In March 1931 Ramsay MacDonald, the Labour Party's first prime minister, asked Sir George May, to form a committee to look into Britain's economic problems. The committee included two members that had been nominated from the three main political parties. At the same time, John Maynard Keynes, the chairman of the Economic Advisory Council, published his report on the causes and remedies for the depression. This included an increase in public spending and by curtailing British investment overseas.
Snowden rejected the ideas put forward by Maynard Keynes and this was followed by the resignation of Charles Trevelyan, the Minister of Education. "For some time I have realised that I am very much out of sympathy with the general method of Government policy. In the present disastrous condition of trade it seems to me that the crisis requires big Socialist measures. We ought to be demonstrating to the country the alternatives to economy and protection. Our value as a Government today should be to make people realise that Socialism is that alternative."
When the May Committee produced its report in July, 1931, it forecast a huge budget deficit of £120 million and recommended that the government should reduce its expenditure by £97,000,000, including a £67,000,000 cut in unemployment benefits. On 5th August, Maynard Keynes wrote to MacDonald, describing the May Report as "the most foolish document I ever had the misfortune to read." He argued that the committee's recommendations clearly represented "an effort to make the existing deflation effective by bringing incomes down to the level of prices" and if adopted in isolation, they would result in "a most gross perversion of social justice".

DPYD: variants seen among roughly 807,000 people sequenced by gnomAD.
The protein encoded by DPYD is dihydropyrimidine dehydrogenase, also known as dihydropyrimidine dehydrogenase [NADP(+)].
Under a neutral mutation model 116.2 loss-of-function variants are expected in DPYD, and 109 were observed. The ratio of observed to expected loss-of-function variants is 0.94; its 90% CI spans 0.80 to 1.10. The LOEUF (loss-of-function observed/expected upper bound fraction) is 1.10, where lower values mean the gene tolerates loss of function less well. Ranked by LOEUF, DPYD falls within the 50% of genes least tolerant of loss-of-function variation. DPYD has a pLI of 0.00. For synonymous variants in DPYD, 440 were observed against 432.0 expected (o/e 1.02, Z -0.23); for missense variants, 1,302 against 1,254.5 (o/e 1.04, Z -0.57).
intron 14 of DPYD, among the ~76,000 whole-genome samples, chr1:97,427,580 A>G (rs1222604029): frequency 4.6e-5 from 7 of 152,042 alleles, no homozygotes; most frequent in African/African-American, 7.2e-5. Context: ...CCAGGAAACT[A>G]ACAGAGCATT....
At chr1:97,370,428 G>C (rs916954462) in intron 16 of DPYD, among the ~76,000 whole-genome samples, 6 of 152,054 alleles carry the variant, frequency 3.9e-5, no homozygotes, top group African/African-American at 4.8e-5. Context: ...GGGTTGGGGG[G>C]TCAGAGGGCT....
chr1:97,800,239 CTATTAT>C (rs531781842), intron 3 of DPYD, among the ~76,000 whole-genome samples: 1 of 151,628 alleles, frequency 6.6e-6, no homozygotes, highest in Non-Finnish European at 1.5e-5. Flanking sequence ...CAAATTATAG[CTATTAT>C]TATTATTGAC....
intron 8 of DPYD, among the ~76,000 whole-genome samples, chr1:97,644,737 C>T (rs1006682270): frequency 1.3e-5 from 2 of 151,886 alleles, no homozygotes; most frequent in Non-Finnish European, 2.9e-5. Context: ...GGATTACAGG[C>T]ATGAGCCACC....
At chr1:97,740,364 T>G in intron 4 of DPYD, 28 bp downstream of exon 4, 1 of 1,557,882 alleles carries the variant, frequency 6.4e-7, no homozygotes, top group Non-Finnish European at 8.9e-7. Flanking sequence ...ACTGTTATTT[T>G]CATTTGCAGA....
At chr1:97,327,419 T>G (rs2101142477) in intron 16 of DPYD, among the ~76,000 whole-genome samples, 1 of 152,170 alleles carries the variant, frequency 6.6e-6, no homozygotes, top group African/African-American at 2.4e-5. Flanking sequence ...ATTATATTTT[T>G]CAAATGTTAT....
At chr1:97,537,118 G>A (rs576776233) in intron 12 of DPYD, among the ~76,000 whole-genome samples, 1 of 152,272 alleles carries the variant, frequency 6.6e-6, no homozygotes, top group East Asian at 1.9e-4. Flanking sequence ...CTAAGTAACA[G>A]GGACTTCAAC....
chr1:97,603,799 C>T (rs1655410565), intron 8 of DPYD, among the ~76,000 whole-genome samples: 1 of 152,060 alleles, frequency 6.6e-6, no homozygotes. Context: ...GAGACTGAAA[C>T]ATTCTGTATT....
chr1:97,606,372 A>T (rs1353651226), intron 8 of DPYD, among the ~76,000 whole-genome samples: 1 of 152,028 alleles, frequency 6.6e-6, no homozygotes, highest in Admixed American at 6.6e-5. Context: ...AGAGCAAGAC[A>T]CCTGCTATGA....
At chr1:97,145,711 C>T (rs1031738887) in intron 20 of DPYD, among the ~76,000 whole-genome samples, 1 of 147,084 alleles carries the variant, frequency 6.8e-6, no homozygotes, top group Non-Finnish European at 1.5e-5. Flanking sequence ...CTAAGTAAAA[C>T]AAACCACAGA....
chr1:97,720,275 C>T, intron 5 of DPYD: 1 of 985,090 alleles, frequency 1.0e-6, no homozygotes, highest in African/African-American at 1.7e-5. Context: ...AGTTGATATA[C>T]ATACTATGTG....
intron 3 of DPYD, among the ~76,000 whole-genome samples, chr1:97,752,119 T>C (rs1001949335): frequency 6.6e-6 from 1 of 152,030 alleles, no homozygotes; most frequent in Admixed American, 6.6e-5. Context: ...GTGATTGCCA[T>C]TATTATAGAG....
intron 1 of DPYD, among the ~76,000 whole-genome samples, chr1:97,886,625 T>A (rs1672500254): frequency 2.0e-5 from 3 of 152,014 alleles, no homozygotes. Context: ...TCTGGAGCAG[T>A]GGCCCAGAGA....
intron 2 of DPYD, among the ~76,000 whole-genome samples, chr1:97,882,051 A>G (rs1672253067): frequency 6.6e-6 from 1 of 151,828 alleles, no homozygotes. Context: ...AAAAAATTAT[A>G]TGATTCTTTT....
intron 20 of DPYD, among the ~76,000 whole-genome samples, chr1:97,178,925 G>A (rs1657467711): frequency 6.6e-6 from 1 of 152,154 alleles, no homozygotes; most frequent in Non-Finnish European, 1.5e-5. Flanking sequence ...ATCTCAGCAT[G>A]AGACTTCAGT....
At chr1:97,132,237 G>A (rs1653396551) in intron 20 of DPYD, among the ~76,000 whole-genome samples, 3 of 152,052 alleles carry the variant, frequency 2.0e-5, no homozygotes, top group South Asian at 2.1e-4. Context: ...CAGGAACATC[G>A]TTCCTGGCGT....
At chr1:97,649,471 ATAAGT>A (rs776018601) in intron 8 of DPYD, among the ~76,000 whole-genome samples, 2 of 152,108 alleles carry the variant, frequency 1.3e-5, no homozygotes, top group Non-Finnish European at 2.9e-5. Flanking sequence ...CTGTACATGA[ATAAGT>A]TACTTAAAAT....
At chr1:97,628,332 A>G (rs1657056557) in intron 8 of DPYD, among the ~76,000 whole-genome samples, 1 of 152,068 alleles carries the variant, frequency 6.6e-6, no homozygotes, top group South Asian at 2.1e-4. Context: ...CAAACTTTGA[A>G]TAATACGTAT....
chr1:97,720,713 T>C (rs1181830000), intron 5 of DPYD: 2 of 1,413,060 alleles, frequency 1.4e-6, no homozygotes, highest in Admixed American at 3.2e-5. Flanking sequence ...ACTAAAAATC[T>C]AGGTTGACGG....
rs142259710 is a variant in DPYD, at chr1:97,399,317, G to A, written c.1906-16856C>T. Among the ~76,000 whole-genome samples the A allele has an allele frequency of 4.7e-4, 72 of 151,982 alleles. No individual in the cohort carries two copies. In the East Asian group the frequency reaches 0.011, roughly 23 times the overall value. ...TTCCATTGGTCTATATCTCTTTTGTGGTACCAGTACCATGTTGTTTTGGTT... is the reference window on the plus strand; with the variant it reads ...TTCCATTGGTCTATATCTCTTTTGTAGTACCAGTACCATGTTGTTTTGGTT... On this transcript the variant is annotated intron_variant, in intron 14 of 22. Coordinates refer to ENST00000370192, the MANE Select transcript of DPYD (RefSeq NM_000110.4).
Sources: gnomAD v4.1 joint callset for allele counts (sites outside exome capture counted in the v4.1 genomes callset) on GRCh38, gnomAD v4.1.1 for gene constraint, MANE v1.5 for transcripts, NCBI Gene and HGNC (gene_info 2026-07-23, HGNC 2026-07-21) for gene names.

When t he Labour Cabinet refused to accept the report, MacDonald formed a National Government that included Philip Snowden, Jimmy Thomas and John Sankey. On 8th September 1931, the National Government's programme of £70 million economy programme was debated in the House of Commons. This included a £13 million cut in unemployment benefit. The result was an increase in unemployment and a deeper recession.
While t he Great Depression continued in Britain. Maynard Keynes took his ideas to the United States. President Herbert Hoover economic policies were similar to those of Ramsay MacDonald. In 1932 the national deficit was nearly $3,000,000,000 and the unemployment-rate was 23.6%. When President Franklin D. Roosevelt took office in 1933 his Treasury Secretary Henry Morgenthau, and aides within the Treasury Department favored an approach that sought to balance the federal budget. But other advisers in the President's inner circle, including Harry Hopkins, Marriner Eccles and Henry Wallace, had accepted the recent theories of Maynard Keynes, who argued that technically advanced economies would need permanent budget deficits or other measures (such as redistribution of income away from the wealthy) to stimulate consumption of goods and to maintain full employment. It was argued that it was the attempt to balance the budget that was causing the recession.